Are you hoping that YA readers will be moved by Stacey’s story and take action against the bullies in their own life?
Um…that’s a hard question. I always hope that if I come in contact with a teen who is being (or has been) bullied, that I can encourage them in some way, or help them feel stronger. But having experienced significant bullying myself, I know there’s often little that can be done in the middle of an altercation to stop it in its tracks. And sadly, many of the adult figures who are informed about bullying don’t understand how it works, or its impacts. Their input can – only at times – make the situation worse. It’s a very fine line to walk, and one I’d encourage everyone involved to take very seriously, and with mind to future ramifications.
More than some kind of revolution, what I really hoped for in writing Breakable was that teens going through that would see that I really do understand how that feels. And that not everyone who goes through it is ultimately defeated. I wasn’t.
The truth is, bullying doesn’t just happen in childhood and it doesn’t just happen at school or with peers. It happens at home, with parents and siblings. It happens at school – sometimes from teachers. And it happens to adults too (though it tends to be a little more sophisticated at that point). So patterns can emerge in anyone’s life. If anyone reads this interview who is experiencing that, I’d want them to know that I understand. That I’d never marginalize them for the fears and self-doubts they’re having because of it. And I’d encourage them to keep talking to adults until they find someone who takes the issue seriously.
If the adult has the opportunity to impact what’s happening, keep talking to them until they do something useful (like bringing victim and bully together privately). If they don’t, then keep talking to them so you know you aren’t alone in it. Draw whatever support and comfort you can. You need it. And that’s okay.
Bullying is incredibly isolating and can make us think things about ourselves that are wrong. The best way to counter-act those destructive effects is to find people who help us understand that those messages aren’t true. The more we understand what’s valuable about ourselves, the less we become a target for people who – consciously, or subconsciously – are looking to exploit weakness.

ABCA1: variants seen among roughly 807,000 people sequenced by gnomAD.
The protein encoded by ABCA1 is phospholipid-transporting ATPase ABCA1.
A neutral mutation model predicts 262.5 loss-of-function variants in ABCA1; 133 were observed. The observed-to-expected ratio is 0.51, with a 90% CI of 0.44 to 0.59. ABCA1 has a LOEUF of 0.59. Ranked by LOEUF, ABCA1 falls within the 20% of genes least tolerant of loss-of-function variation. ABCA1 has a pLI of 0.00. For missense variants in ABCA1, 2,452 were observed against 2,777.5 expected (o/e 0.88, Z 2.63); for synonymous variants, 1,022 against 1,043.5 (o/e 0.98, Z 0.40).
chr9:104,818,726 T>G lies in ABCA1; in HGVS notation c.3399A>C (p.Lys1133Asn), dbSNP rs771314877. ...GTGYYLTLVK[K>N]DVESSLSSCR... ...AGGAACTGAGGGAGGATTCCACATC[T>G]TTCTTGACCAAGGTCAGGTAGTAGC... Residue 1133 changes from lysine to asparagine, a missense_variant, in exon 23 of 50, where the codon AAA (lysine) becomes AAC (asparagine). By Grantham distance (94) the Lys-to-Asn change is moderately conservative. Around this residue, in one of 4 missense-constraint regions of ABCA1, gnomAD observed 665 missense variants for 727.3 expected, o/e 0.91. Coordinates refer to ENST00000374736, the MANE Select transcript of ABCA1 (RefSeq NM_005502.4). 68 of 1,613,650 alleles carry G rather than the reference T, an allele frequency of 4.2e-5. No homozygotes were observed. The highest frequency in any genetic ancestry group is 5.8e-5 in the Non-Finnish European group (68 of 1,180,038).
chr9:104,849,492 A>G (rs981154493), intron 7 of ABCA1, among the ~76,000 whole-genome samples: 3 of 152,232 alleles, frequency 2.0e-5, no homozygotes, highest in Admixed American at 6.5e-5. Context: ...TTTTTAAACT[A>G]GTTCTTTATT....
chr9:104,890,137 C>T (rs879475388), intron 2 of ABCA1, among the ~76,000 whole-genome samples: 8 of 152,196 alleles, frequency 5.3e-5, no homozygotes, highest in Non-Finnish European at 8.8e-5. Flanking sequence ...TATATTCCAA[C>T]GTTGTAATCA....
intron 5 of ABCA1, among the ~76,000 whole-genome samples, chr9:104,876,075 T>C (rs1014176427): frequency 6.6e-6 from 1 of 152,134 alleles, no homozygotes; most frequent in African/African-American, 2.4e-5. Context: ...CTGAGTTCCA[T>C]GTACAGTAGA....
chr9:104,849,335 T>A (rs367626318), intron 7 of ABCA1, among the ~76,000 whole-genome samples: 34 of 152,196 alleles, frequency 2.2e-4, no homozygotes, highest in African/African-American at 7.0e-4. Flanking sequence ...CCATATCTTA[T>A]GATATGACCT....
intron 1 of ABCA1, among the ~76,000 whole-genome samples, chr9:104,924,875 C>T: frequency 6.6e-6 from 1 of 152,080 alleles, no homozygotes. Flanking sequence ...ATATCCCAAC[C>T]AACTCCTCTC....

Was it hard for you to write the scenes in which Stacey is abused by her peers? Especially the scenes with Finn--he is incredibly cruel.
The first draft of this book was harrowing for me. It brought a lot of pain and anger to the surface which I thought I’d already let go. But over time, it actually became very therapeutic.
One of the advantages to being the author of this kind of book is that I’m behind the eyes of every character – including Finn. I know what drives him and what he experiences off the page. And I know he’s doing this out of his own pain. I’m far enough away from the years I spent targeted this way to have had some pretty interesting conversations and interactions with my former bullies. I’ve also learned a lot about some of their lives from other people in later years. One of the things that helped me let go of my anger towards one particularly bad perpetrator was learning about the hell she lived in. Much, much worse than what she brought into my life.
So now when I read or work on any of those scenes I just feel sad because I know there are kids (and adults!) out there going through that every day. It breaks my heart.
Who are some authors that have inspired you?
Oh, gosh… so many! And for so many different reasons.